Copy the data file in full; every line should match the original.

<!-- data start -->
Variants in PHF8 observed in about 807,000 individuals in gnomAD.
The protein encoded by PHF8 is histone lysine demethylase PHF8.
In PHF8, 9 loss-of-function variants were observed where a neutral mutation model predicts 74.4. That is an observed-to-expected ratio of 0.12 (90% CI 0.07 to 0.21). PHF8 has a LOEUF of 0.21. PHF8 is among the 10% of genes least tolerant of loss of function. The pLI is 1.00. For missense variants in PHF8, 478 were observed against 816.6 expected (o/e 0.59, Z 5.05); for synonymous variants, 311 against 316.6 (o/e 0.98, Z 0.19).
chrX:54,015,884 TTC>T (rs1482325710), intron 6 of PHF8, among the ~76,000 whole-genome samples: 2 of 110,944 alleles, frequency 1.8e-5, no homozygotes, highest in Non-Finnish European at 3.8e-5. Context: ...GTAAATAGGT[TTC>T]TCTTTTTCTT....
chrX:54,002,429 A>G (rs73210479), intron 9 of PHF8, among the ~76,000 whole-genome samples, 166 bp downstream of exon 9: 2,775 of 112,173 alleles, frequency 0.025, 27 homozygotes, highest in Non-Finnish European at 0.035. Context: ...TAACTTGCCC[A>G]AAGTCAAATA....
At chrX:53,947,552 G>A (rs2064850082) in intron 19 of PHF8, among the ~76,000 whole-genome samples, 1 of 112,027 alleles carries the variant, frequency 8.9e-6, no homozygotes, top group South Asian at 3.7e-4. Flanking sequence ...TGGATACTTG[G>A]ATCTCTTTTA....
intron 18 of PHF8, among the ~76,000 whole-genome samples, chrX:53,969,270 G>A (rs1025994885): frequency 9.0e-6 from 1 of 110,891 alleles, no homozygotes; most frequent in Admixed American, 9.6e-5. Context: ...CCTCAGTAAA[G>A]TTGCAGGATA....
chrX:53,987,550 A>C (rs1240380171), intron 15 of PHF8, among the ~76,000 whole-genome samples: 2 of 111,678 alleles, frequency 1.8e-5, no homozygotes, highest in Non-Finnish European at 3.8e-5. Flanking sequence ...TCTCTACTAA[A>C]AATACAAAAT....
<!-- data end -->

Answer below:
Variants in PHF8 observed in about 807,000 individuals in gnomAD.
The protein encoded by PHF8 is histone lysine demethylase PHF8.
In PHF8, 9 loss-of-function variants were observed where a neutral mutation model predicts 74.4. That is an observed-to-expected ratio of 0.12 (90% CI 0.07 to 0.21). PHF8 has a LOEUF of 0.21. PHF8 is among the 10% of genes least tolerant of loss of function. The pLI is 1.00. For missense variants in PHF8, 478 were observed against 816.6 expected (o/e 0.59, Z 5.05); for synonymous variants, 311 against 316.6 (o/e 0.98, Z 0.19).
chrX:54,015,884 TTC>T (rs1482325710), intron 6 of PHF8, among the ~76,000 whole-genome samples: 2 of 110,944 alleles, frequency 1.8e-5, no homozygotes, highest in Non-Finnish European at 3.8e-5. Context: ...GTAAATAGGT[TTC>T]TCTTTTTCTT....
chrX:54,002,429 A>G (rs73210479), intron 9 of PHF8, among the ~76,000 whole-genome samples, 166 bp downstream of exon 9: 2,775 of 112,173 alleles, frequency 0.025, 27 homozygotes, highest in Non-Finnish European at 0.035. Context: ...TAACTTGCCC[A>G]AAGTCAAATA....
At chrX:53,947,552 G>A (rs2064850082) in intron 19 of PHF8, among the ~76,000 whole-genome samples, 1 of 112,027 alleles carries the variant, frequency 8.9e-6, no homozygotes, top group South Asian at 3.7e-4. Flanking sequence ...TGGATACTTG[G>A]ATCTCTTTTA....
intron 18 of PHF8, among the ~76,000 whole-genome samples, chrX:53,969,270 G>A (rs1025994885): frequency 9.0e-6 from 1 of 110,891 alleles, no homozygotes; most frequent in Admixed American, 9.6e-5. Context: ...CCTCAGTAAA[G>A]TTGCAGGATA....
chrX:53,987,550 A>C (rs1240380171), intron 15 of PHF8, among the ~76,000 whole-genome samples: 2 of 111,678 alleles, frequency 1.8e-5, no homozygotes, highest in Non-Finnish European at 3.8e-5. Flanking sequence ...TCTCTACTAA[A>C]AATACAAAAT....